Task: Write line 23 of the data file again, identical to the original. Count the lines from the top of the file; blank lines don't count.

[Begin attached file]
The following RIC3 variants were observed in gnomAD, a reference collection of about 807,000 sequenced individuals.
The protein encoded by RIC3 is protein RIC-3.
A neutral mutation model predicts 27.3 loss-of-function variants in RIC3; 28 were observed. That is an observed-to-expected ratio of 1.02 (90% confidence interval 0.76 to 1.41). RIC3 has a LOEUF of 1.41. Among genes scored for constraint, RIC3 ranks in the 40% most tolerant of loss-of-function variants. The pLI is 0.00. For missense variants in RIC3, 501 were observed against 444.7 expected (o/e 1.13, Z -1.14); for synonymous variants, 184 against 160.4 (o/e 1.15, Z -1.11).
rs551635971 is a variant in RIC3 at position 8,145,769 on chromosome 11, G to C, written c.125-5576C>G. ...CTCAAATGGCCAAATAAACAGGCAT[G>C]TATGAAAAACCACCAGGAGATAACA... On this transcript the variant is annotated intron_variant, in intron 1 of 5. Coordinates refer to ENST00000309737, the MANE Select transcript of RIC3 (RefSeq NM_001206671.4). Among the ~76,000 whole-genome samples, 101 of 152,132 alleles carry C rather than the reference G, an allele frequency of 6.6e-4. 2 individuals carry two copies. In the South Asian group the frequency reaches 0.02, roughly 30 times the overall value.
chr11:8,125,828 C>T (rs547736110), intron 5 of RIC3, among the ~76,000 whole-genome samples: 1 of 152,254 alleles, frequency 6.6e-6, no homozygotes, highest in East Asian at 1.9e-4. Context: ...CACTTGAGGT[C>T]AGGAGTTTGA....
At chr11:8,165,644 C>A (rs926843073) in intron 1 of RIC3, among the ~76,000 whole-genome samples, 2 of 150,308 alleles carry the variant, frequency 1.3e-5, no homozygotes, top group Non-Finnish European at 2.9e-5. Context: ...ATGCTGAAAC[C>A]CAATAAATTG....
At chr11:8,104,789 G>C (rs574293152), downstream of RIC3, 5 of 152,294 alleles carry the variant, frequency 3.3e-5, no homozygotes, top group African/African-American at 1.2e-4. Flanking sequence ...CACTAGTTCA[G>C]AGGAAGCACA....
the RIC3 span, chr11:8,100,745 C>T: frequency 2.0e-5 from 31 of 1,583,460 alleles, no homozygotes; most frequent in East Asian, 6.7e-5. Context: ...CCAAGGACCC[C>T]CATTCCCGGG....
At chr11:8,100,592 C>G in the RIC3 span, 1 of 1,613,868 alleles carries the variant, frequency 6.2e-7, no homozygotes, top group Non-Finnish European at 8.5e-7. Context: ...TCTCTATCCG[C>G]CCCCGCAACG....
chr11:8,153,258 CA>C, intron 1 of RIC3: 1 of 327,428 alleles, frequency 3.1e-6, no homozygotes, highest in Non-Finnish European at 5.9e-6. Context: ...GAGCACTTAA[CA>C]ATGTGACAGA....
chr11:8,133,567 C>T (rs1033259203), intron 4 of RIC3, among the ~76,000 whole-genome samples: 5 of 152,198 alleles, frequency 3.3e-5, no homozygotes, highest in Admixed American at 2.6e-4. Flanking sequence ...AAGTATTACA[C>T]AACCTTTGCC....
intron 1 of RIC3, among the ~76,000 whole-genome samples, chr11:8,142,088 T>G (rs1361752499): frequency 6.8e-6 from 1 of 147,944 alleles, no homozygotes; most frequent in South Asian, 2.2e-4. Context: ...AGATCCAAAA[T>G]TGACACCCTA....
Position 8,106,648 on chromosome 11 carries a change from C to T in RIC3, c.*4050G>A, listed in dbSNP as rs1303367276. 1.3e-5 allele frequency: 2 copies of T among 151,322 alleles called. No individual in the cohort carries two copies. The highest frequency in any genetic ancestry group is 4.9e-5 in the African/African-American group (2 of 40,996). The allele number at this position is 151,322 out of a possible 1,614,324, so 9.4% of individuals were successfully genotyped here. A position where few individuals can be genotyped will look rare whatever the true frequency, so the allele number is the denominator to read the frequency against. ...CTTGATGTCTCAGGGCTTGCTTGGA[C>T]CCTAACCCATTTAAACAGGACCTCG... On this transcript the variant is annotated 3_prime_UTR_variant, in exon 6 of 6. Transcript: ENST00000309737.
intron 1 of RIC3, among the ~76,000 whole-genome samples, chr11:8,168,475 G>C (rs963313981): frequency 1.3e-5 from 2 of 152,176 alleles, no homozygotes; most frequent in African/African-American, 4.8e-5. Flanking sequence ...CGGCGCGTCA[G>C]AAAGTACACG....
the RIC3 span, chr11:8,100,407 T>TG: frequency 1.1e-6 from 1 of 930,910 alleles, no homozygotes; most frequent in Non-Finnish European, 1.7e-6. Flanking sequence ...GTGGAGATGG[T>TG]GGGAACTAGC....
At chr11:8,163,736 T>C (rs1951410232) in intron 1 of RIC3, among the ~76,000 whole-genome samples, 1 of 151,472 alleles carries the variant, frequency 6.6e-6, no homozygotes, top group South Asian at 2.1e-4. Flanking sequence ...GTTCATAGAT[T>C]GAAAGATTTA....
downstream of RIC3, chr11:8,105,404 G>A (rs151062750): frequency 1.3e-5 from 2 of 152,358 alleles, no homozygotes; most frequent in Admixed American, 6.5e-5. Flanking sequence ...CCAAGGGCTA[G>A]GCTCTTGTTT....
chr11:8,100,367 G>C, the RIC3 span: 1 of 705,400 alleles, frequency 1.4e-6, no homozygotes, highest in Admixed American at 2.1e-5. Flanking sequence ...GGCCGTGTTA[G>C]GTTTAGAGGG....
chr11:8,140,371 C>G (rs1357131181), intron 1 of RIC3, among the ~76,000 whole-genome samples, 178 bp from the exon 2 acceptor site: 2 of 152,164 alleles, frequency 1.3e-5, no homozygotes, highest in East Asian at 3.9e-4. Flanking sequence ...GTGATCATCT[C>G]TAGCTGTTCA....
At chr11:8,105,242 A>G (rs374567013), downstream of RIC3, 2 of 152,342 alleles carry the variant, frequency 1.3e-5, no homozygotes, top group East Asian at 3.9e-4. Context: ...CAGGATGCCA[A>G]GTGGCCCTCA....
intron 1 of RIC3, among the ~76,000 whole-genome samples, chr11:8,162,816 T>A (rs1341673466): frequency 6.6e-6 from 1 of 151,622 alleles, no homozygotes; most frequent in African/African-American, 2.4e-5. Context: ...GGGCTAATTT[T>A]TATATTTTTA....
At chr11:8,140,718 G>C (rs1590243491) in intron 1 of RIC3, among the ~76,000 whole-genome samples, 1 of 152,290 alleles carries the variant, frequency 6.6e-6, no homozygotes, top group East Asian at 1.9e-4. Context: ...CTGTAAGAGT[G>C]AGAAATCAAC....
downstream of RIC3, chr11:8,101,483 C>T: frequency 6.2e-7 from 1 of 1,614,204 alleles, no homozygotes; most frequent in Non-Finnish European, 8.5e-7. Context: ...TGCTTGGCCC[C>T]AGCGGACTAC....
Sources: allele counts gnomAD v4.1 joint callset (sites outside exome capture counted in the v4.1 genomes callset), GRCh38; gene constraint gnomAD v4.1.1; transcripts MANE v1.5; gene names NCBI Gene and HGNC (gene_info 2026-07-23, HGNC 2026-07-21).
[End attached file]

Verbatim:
downstream of RIC3, chr11:8,101,483 C>T: frequency 6.2e-7 from 1 of 1,614,204 alleles, no homozygotes; most frequent in Non-Finnish European, 8.5e-7. Context: ...TGCTTGGCCC[C>T]AGCGGACTAC....